After completing the survey through Tioga Pass, the surveyors tied in the mine locations and disbanded. John Ferretti joined the construction gang as a blacksmith’s helper and general roustabout. His pay was augmented by pies, cakes and cookies slipped to him by Sing Lee, the camp cook. John’s final act on the job included splitting his big toe with an axe. The “first aid man” applied “a large chew of tobacco, took a rag and tied it up, guaranteeing that it would be as good as new in a few days. At that moment . . . I severed my connection with the Tioga Road for all time.” (21)

Construction progressed at an awesome rate. Nearly one-half mile of finished road was turned out by the 160 man crew for each day on the job. (22) The fall of ’82 saw the road advance from Crocker’s to as far as the present park boundary, about two miles. (21) On April 27, 1883 work was resumed and it was carried forward without interruption or accident until finally completed September 4th, 1883.” In 130 days the 56 1/4 mile stretch was completed at a cost of $61,095.22, or about $1,100 per mile.

From the columns of the August 11 Homer Mining Index we learn of construction progress and methods. “The Great Sierra Wagon Road is rapidly approaching completion. Harry Medlicott’s graders from this side have reached the upper end of Tuolumne Meadows, while Priest’s pick and shovel brigade from the other side are on Rocky Canyon Creek, leaving a gap between of little more than three miles, all of which is easy grading. Priest’s powder gang, following the picks and shovels, reached Lake Tenaya Thursday and will skip the heavy blasting along the margin of the lake for the present and follow up to the Tuolumne River, after which one hundred blasters will be put on to finish the three-fourths of a mile along the lake. It is believed that freight wagons will reach Tioga by or before the end of the month. The construction of this road was a stupendous and costly undertaking and the Eastern capitalists to whose enterprise and public spirit the people of this county and coast are indebted for a great thoroughfare to a hitherto inaccessible but rich and extensive region, deserve to be remembered with gratitude.”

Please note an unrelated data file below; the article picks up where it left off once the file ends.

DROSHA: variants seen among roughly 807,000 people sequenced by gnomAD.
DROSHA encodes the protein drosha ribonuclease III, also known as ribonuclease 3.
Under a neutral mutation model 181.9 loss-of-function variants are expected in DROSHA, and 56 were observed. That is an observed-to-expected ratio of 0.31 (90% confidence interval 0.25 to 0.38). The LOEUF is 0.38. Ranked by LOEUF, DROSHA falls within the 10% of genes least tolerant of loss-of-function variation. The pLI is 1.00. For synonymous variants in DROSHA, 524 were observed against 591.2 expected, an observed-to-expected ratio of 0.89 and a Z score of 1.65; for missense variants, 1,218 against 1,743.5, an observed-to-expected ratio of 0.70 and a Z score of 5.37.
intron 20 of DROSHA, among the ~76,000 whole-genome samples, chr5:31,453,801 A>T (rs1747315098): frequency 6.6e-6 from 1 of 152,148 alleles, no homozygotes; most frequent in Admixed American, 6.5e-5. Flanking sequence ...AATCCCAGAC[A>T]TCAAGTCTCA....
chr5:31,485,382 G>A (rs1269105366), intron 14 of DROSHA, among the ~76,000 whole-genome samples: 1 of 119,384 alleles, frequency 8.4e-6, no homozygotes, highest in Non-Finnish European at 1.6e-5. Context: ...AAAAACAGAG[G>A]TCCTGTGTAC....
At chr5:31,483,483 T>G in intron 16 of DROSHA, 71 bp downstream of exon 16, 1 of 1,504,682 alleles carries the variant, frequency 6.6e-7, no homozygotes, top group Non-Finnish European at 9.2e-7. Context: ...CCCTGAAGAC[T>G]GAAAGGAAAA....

According to one report (24) there were 90 white men and 250 Chinese in the employ of the company. Another alludes to 250 men (21) and a third a 160 man crew of Chinese. We are certain that at least 35 Chinese were at work on the Tioga Road in ’83 as a receipt for their hospital tax, paid for by the Road company, is part of the Yosemite Museum collections (26). Pay rates were phenomenal: the Chinese received $1.20 per day, the Caucasians $1.50 (25) The foreman, James Lumsden of Big Oak Flat, was most pleased when his wage was advanced from $1.75 to $2.00 per day in recognition of his making “changes of his own accord which the surveyors afterwards said were more practical.” In addition all hands were supplied with excellent board. (24)

On the Tioga Road. about 1890
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On the Tioga Road. about 1890

Soon after the Great Sierra Wagon Road was completed, “a big jollification was held in Sonora” with many prominent men of the day in attendance. (24) The road was built!